Organizers of the Irish Gate Theater’s ambitious 19-play Beckett Festival have raised their brogue to reclaim the Dublin-born playwright as their own. Though he wrote his groundbreaking plays in France (and in French), Beckett’s English translations had the flow, the lilt, the sound of Ireland, they say. Conjecture no more: Walter Asmus’ “Waiting for Godot,” the focal piece of the sprawling festival, proves the point.
This is Beckett straight up — no hyper-stylization, no misguided attempts at modernization, no antic Hollywood stars. As spare and evocative as the text itself, Asmus’ production has the feel of the definitive — Beckett as Beckett must have imagined, not a single gratuitous gesture or intonation. Working on Louis le Brocquy’s elegant set — a backdrop the colors of brewing rain clouds, a sitting rock and a spindly three-branched cutout that seems more the suggestion of a tree than the thing itself — the talented cast is as much choreographed as directed, even as the movement seems utterly natural and unforced.
Commanding the John Jay Theater’s large, deep stage are Barry McGovern, Ireland’s foremost Beckett interpreter, as Vladimir, and Johnny Murphy as Estragon. As Didi and Gogo, as the characters call one another, the two actors have the tricky task of inhabiting Beckett’s gray zone between existential terror and vaudeville buffoonery. Under Asmus’ direction, McGovern and Murphy suggest the two conditions at once, no small feat even if it’s no more or less than the play demands.
“Keep it simple” was Beckett’s dictum to the Gate when the playwright first learned of the festival plans. (He died in 1989, two years before the Gate first presented the canon in Dublin; the American stagings are being done as part of Lincoln Center’s Festival 96.) And indeed, Asmus has taken the advice. When Lucky (Stephen Brennan), the servant who has willingly conceded all rights to his vainglorious master, Pozzo (well played by Alan Stanford), is called upon to dance, he merely straightens up from a bent-over crouch and awkwardly reaches skyward. Brennan infuses the movement — and the performance — with just a hint of menace that distinguishes the character from the melancholy slave usually portrayed.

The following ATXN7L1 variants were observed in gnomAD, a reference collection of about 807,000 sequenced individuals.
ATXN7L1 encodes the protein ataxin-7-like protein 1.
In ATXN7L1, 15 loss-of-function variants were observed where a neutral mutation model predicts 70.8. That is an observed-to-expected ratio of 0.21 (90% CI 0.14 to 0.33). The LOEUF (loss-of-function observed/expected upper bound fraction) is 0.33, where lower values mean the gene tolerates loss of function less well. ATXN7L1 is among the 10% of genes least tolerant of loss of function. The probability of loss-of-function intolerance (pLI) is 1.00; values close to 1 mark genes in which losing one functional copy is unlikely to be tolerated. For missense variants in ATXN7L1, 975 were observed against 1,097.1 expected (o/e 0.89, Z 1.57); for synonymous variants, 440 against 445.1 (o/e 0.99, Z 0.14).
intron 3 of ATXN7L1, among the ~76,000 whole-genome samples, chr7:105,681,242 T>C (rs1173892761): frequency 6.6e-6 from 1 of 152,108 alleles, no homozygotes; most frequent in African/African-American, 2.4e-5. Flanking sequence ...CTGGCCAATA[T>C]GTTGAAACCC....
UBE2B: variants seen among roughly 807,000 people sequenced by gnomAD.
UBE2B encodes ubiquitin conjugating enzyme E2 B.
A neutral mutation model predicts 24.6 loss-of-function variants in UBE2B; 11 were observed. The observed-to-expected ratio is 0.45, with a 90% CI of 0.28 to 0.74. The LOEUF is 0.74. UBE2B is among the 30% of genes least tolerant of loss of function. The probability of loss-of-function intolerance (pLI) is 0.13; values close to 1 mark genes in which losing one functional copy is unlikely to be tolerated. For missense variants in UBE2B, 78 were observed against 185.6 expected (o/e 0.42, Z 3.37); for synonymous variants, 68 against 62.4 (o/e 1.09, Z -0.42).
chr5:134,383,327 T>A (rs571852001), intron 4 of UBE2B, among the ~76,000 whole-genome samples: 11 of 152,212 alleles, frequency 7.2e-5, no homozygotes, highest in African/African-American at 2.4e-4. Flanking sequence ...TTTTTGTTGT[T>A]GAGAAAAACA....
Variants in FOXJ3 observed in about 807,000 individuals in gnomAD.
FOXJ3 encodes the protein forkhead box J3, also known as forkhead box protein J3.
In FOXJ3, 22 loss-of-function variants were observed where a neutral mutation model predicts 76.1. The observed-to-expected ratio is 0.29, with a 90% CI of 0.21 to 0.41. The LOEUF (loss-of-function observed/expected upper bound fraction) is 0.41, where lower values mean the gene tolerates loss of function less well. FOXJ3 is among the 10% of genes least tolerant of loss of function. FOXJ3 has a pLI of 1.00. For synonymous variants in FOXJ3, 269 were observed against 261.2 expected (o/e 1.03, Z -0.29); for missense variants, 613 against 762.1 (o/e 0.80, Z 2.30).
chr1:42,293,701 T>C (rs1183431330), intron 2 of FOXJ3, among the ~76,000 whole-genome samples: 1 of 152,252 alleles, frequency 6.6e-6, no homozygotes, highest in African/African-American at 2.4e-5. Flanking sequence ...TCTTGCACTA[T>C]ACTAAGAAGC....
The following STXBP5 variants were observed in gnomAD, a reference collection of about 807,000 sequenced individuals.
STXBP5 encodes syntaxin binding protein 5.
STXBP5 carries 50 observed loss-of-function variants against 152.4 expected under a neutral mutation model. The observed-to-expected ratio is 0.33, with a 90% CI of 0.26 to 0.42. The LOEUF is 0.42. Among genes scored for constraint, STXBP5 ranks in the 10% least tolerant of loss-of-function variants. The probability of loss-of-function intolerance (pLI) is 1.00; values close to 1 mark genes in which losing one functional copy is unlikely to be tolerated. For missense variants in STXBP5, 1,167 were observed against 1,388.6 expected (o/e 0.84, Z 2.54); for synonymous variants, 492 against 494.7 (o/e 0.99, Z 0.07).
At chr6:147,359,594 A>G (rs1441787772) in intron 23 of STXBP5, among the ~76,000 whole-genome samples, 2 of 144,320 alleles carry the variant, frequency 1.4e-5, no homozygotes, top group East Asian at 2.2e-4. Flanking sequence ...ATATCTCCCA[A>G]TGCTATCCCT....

Perhaps more unusual to Stateside audiences, though, will be Murphy’s turn as Gogo, the most clownish of the characters played most famously by those most clownish of American actors, Bert Lahr and Robin Williams. Where Williams, in Mike Nichols’ infamous 1988 Lincoln Center Theater production, unsurprisingly played up the humor in Gogo’s pitiable existence, Murphy trusts Beckett enough to underplay. His approach isn’t exactly deadpan (though some of the jokes are tossed out almost offhandedly) but a humor weighted with despair.
Murphy meshes perfectly with the brilliant McGovern. As the more philosophical of the tramps, McGovern gives Vladimir an air of resignation and submerged panic. When a young boy (Diarmaid Lawlor) arrives at the end of each act to announce that Godot will not be coming, Vladimir tells the boy to remember the two tramps to Godot. Where Steve Martin (in the 1988 production) played the scene wistfully, McGovern is closer to nervous dread. “You did see us?” he implores, as if to convince himself of his own existence.
McGovern’s approach, indeed the approach of the entire production, isn’t so much a re-imagining of the classic text as a stripped-bare take on its essence. The Gate’s confident staging makes a convincing case for claiming Beckett as Ireland’s own.